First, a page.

Tapingo contest helps raise money for missions

Tapingo is running a fundraiser to benefit various mission teams on campus.


Grant Walter

Grant Walter/THE CHIMES

Rachel Snyder, Writer

A student drops of his Tapingo receipt in Common Grounds immediately after he picks up his drink. | Grant Walter/THE CHIMES

Online meal-ordering service Tapingo has extended the end date of the fundraiser they have been holding over the past two weeks to benefit mission teams. Students who used Tapingo were able to drop their receipts in designated containers in the Student Union Building or the container at Common Grounds, and Tapingo will donate $0.50 per receipt to the team or ministry represented on the container.

Instead of ending on Nov. 16 as originally planned, the fundraiser will stop at the end of the month on Friday. Whichever ministry team receives the most receipts will win $100 of catering at their next meeting.

“Biola costs a ton of money, so monetary donations as a poor college student aren't my first method of helping out,” said junior business major Paige Erickson.

As a Biola student and intern at a marketing firm whose client is Tapingo, Erickson wanted to figure out a way for students to give to a charity without breaking the bank.

“This campaign was a way I could use business as missions and use my internship to allow myself and fellow students an opportunity to give money,” she said.

Erickson mentioned there may be more Tapingo contests in the future.

Erickson said that after the fundraising campaign, she hasn’t decided what the next promotion will be.

“The Tapingo Cares campaign seems to have worked well and there has been a ton of student involvement,” she said.

Tapingo Cares is not the only means student groups have for raising mission trip funds. When students commit to going on a trip, they have to sign an agreement that says they will do their part to help raise money for their team, according to sophomore sociology major Becca Harlow. That way, she said, no one slacks off.

“You raise money on your own … but they don’t put pressure on you individually,” she said.

Harlow’s trip to South Africa will cost $2,800.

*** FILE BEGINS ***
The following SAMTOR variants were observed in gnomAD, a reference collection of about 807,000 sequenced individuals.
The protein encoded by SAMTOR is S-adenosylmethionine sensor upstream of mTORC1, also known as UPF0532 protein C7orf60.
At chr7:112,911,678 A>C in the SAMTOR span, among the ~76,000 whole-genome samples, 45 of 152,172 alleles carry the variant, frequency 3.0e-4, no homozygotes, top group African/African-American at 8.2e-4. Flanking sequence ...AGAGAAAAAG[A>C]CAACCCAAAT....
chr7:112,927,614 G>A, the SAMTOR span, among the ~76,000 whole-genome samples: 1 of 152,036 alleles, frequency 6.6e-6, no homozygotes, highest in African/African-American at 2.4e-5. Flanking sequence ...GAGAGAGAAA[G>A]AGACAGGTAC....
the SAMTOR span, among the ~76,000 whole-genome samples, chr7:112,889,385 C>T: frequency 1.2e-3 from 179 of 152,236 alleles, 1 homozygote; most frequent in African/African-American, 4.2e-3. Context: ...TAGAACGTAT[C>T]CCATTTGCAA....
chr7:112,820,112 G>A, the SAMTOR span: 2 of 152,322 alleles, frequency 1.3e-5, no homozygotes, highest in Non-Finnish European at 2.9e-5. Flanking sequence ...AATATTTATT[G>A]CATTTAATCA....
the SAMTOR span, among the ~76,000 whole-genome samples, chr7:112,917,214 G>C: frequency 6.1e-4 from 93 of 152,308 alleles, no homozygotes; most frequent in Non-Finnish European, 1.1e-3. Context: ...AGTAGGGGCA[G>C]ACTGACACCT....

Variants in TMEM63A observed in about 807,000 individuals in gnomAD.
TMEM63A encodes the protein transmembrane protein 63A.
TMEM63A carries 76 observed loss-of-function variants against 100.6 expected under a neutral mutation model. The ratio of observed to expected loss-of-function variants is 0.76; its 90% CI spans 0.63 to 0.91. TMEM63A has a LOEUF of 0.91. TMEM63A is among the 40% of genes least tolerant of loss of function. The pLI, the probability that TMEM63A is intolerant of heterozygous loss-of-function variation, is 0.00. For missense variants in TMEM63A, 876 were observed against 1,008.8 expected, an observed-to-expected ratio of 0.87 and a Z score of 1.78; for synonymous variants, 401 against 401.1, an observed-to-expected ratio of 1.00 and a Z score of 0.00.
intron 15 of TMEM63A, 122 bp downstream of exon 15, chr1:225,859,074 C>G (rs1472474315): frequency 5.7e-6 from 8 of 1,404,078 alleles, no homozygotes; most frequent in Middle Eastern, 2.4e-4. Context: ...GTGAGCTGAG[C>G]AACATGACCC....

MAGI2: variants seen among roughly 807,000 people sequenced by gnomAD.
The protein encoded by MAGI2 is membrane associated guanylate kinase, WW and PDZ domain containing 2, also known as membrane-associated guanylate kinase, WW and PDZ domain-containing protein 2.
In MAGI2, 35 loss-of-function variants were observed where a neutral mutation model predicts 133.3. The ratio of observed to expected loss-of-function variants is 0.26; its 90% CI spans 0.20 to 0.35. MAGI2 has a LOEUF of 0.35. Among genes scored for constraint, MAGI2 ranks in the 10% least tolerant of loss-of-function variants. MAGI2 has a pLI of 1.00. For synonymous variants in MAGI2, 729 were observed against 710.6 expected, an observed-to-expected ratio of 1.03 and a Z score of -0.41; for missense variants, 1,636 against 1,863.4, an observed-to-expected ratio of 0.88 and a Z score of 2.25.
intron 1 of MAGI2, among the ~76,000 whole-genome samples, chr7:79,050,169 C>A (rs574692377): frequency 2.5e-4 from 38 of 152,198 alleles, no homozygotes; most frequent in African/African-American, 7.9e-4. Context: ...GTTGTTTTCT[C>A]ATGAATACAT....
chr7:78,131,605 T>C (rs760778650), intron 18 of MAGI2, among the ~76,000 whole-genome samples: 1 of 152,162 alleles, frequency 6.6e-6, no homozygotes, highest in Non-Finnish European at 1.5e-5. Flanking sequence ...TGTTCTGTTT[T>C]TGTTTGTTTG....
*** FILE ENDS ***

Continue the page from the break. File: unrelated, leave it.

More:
“How we get the most funds is by sending out support letters. Each team has a night where they will come together and write their support letter … then they have two hours where they stuff their envelopes. After that everything is done as a team,” Harlow said.

Other ways teams are raising money

Each team is matched with a team development leader who gives them ideas to fundraise, according to junior Lucy Harig, SMU director of short-term missions.

SMU office assistant junior Ciara Springer said teams will often host phone-a-thons. They will spend time calling the people who were sent support letters, but have yet to donate, to ask for financial support and prayer.

Teams also hold events to help raise money together.

“Each team is in charge of crafting their personal fundraiser, like the El Salvador team who had a pool party that raised about $1,000,” Springer said.

In the afternoon, mission teams can often be found selling T-shirts designed by an SMU designer. The shirts are sold in front of the Caf to benefit their specific team, Springer said.

Megan Beatty, a junior math major, sat outside the Caf on Nov. 27, selling tank tops for Team India.

Beatty said Team India wants to come up with different ways to fundraise, such as a henna booth or a drive-in on top of the parking structure.

At Friday’s Christmas tree lighting, all the teams will have booths set up to allow students to stop by, ask questions or pray with them. Team Kenya will also be selling scarves and headbands they’ve crocheted.

“We get most of our money from support letters, but I have to trust God,” said sophomore English major, Torrey Allen, a member of team India. “He always comes through.”

0 0 votes
Article Rating